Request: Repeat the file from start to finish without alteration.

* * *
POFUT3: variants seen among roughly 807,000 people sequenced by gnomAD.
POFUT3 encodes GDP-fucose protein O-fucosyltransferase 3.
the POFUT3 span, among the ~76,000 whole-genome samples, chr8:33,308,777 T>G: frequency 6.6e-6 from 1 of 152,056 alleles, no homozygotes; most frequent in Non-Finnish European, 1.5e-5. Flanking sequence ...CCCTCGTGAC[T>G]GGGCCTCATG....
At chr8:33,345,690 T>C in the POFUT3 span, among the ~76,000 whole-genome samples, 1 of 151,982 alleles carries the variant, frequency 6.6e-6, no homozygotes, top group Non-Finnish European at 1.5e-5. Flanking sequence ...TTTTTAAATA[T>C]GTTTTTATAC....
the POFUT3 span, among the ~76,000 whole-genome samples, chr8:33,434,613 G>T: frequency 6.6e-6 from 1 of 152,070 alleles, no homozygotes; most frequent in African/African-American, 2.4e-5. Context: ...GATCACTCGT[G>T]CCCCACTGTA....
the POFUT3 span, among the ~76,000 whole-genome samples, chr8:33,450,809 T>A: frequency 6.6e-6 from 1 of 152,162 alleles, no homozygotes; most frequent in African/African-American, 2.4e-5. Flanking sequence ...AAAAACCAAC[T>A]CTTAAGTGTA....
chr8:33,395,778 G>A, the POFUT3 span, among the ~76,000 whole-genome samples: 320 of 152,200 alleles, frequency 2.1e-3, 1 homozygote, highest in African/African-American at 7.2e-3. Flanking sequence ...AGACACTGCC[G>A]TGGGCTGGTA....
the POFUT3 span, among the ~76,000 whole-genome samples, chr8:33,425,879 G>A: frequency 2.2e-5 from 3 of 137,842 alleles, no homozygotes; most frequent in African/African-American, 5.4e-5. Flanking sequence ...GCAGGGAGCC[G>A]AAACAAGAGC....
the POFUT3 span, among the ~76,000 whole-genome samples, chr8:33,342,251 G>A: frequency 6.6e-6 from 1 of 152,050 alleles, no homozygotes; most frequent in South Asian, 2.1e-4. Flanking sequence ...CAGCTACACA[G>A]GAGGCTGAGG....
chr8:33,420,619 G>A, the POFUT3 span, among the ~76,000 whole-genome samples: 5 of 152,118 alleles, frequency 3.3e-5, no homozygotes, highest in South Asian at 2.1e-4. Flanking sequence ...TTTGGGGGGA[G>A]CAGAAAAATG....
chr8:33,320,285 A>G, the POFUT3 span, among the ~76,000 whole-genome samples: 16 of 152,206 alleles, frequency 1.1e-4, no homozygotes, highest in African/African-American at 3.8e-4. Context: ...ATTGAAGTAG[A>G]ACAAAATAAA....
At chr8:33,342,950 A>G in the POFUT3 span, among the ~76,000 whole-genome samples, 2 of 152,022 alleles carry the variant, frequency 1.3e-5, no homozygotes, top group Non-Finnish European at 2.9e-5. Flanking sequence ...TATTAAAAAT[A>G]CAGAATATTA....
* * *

POFUT3: variants seen among roughly 807,000 people sequenced by gnomAD.
POFUT3 encodes GDP-fucose protein O-fucosyltransferase 3.
the POFUT3 span, among the ~76,000 whole-genome samples, chr8:33,308,777 T>G: frequency 6.6e-6 from 1 of 152,056 alleles, no homozygotes; most frequent in Non-Finnish European, 1.5e-5. Flanking sequence ...CCCTCGTGAC[T>G]GGGCCTCATG....
At chr8:33,345,690 T>C in the POFUT3 span, among the ~76,000 whole-genome samples, 1 of 151,982 alleles carries the variant, frequency 6.6e-6, no homozygotes, top group Non-Finnish European at 1.5e-5. Flanking sequence ...TTTTTAAATA[T>C]GTTTTTATAC....
the POFUT3 span, among the ~76,000 whole-genome samples, chr8:33,434,613 G>T: frequency 6.6e-6 from 1 of 152,070 alleles, no homozygotes; most frequent in African/African-American, 2.4e-5. Context: ...GATCACTCGT[G>T]CCCCACTGTA....
the POFUT3 span, among the ~76,000 whole-genome samples, chr8:33,450,809 T>A: frequency 6.6e-6 from 1 of 152,162 alleles, no homozygotes; most frequent in African/African-American, 2.4e-5. Flanking sequence ...AAAAACCAAC[T>A]CTTAAGTGTA....
chr8:33,395,778 G>A, the POFUT3 span, among the ~76,000 whole-genome samples: 320 of 152,200 alleles, frequency 2.1e-3, 1 homozygote, highest in African/African-American at 7.2e-3. Flanking sequence ...AGACACTGCC[G>A]TGGGCTGGTA....
the POFUT3 span, among the ~76,000 whole-genome samples, chr8:33,425,879 G>A: frequency 2.2e-5 from 3 of 137,842 alleles, no homozygotes; most frequent in African/African-American, 5.4e-5. Flanking sequence ...GCAGGGAGCC[G>A]AAACAAGAGC....
the POFUT3 span, among the ~76,000 whole-genome samples, chr8:33,342,251 G>A: frequency 6.6e-6 from 1 of 152,050 alleles, no homozygotes; most frequent in South Asian, 2.1e-4. Flanking sequence ...CAGCTACACA[G>A]GAGGCTGAGG....
chr8:33,420,619 G>A, the POFUT3 span, among the ~76,000 whole-genome samples: 5 of 152,118 alleles, frequency 3.3e-5, no homozygotes, highest in South Asian at 2.1e-4. Flanking sequence ...TTTGGGGGGA[G>A]CAGAAAAATG....
chr8:33,320,285 A>G, the POFUT3 span, among the ~76,000 whole-genome samples: 16 of 152,206 alleles, frequency 1.1e-4, no homozygotes, highest in African/African-American at 3.8e-4. Context: ...ATTGAAGTAG[A>G]ACAAAATAAA....
At chr8:33,342,950 A>G in the POFUT3 span, among the ~76,000 whole-genome samples, 2 of 152,022 alleles carry the variant, frequency 1.3e-5, no homozygotes, top group Non-Finnish European at 2.9e-5. Flanking sequence ...TATTAAAAAT[A>G]CAGAATATTA....